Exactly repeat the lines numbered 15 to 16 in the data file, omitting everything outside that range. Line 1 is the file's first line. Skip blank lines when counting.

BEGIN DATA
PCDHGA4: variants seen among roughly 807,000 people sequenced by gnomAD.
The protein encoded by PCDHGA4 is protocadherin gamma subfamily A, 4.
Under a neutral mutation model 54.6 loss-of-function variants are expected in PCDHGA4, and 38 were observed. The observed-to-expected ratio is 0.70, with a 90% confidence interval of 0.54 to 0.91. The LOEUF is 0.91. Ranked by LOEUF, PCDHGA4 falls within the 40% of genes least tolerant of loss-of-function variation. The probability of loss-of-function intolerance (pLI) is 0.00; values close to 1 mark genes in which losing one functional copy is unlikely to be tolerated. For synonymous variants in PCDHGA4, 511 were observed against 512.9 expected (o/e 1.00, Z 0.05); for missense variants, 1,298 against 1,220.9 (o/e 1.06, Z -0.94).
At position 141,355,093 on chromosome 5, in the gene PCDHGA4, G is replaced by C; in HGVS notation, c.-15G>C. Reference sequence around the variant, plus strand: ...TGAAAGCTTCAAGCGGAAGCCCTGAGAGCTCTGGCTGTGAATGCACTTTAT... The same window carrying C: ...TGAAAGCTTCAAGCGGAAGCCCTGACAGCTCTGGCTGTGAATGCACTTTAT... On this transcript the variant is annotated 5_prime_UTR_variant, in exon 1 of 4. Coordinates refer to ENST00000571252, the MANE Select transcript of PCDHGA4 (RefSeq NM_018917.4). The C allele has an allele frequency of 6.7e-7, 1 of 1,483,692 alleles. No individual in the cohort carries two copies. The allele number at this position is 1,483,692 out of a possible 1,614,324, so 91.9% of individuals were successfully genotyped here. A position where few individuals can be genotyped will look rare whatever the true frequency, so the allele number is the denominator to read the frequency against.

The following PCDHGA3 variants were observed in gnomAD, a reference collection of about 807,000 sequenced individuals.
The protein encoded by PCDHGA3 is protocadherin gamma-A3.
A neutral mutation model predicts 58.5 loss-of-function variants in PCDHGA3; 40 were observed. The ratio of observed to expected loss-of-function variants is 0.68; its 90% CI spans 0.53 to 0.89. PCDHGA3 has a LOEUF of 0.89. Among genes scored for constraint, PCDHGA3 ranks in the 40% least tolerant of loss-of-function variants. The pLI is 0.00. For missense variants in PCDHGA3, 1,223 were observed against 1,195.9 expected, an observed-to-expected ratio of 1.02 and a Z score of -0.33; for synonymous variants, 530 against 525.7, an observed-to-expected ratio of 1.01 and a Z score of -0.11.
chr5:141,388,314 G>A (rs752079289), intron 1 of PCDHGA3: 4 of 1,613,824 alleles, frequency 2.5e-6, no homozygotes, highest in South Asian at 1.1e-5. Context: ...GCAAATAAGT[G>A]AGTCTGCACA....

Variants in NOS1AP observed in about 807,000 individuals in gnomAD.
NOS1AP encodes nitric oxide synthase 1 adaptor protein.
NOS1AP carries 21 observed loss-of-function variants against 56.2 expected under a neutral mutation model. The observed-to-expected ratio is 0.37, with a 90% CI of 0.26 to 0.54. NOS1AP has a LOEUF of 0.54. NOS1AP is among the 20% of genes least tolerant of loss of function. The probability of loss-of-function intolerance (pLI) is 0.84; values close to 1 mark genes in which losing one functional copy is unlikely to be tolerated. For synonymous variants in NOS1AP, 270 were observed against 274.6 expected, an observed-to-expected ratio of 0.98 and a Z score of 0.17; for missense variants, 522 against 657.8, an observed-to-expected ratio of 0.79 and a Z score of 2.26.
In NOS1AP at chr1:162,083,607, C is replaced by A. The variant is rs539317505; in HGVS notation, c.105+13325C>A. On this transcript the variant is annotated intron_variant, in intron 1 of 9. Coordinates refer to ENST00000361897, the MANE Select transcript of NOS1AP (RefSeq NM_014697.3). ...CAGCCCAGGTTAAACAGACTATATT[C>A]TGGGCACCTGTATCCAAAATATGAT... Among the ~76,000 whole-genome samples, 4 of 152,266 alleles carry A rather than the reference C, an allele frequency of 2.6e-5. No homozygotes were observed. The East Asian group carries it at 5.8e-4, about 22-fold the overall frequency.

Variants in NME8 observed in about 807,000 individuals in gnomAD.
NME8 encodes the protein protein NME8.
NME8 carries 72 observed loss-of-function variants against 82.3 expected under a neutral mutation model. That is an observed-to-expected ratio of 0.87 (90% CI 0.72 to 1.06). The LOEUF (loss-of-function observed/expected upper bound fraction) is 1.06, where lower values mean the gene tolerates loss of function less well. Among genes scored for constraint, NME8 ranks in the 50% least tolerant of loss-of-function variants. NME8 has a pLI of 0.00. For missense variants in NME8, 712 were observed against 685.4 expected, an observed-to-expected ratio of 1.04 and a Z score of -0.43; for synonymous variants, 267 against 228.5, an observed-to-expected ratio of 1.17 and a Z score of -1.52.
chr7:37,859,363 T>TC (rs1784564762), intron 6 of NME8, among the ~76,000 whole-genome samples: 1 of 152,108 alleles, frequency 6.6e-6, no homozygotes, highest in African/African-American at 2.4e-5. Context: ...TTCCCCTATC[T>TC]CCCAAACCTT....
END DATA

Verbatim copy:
NME8 carries 72 observed loss-of-function variants against 82.3 expected under a neutral mutation model. That is an observed-to-expected ratio of 0.87 (90% CI 0.72 to 1.06). The LOEUF (loss-of-function observed/expected upper bound fraction) is 1.06, where lower values mean the gene tolerates loss of function less well. Among genes scored for constraint, NME8 ranks in the 50% least tolerant of loss-of-function variants. NME8 has a pLI of 0.00. For missense variants in NME8, 712 were observed against 685.4 expected, an observed-to-expected ratio of 1.04 and a Z score of -0.43; for synonymous variants, 267 against 228.5, an observed-to-expected ratio of 1.17 and a Z score of -1.52.
chr7:37,859,363 T>TC (rs1784564762), intron 6 of NME8, among the ~76,000 whole-genome samples: 1 of 152,108 alleles, frequency 6.6e-6, no homozygotes, highest in African/African-American at 2.4e-5. Context: ...TTCCCCTATC[T>TC]CCCAAACCTT....